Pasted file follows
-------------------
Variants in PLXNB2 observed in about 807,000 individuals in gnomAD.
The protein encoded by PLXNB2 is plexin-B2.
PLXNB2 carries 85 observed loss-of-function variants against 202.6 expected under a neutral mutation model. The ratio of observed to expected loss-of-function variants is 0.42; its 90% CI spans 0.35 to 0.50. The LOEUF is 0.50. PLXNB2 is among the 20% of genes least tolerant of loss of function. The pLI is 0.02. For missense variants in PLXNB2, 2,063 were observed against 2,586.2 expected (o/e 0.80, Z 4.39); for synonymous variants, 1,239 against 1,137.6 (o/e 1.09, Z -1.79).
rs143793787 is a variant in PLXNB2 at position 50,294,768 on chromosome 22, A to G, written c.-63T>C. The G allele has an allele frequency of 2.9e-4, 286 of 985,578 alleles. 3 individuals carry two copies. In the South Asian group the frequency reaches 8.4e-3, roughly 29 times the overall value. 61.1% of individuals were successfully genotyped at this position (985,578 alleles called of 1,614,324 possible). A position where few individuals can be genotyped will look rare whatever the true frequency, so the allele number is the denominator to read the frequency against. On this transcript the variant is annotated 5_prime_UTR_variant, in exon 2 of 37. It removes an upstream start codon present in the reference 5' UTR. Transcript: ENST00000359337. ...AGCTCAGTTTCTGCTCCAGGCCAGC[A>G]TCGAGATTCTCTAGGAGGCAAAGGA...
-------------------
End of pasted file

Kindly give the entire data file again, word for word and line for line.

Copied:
Variants in PLXNB2 observed in about 807,000 individuals in gnomAD.
The protein encoded by PLXNB2 is plexin-B2.
PLXNB2 carries 85 observed loss-of-function variants against 202.6 expected under a neutral mutation model. The ratio of observed to expected loss-of-function variants is 0.42; its 90% CI spans 0.35 to 0.50. The LOEUF is 0.50. PLXNB2 is among the 20% of genes least tolerant of loss of function. The pLI is 0.02. For missense variants in PLXNB2, 2,063 were observed against 2,586.2 expected (o/e 0.80, Z 4.39); for synonymous variants, 1,239 against 1,137.6 (o/e 1.09, Z -1.79).
rs143793787 is a variant in PLXNB2 at position 50,294,768 on chromosome 22, A to G, written c.-63T>C. The G allele has an allele frequency of 2.9e-4, 286 of 985,578 alleles. 3 individuals carry two copies. In the South Asian group the frequency reaches 8.4e-3, roughly 29 times the overall value. 61.1% of individuals were successfully genotyped at this position (985,578 alleles called of 1,614,324 possible). A position where few individuals can be genotyped will look rare whatever the true frequency, so the allele number is the denominator to read the frequency against. On this transcript the variant is annotated 5_prime_UTR_variant, in exon 2 of 37. It removes an upstream start codon present in the reference 5' UTR. Transcript: ENST00000359337. ...AGCTCAGTTTCTGCTCCAGGCCAGC[A>G]TCGAGATTCTCTAGGAGGCAAAGGA...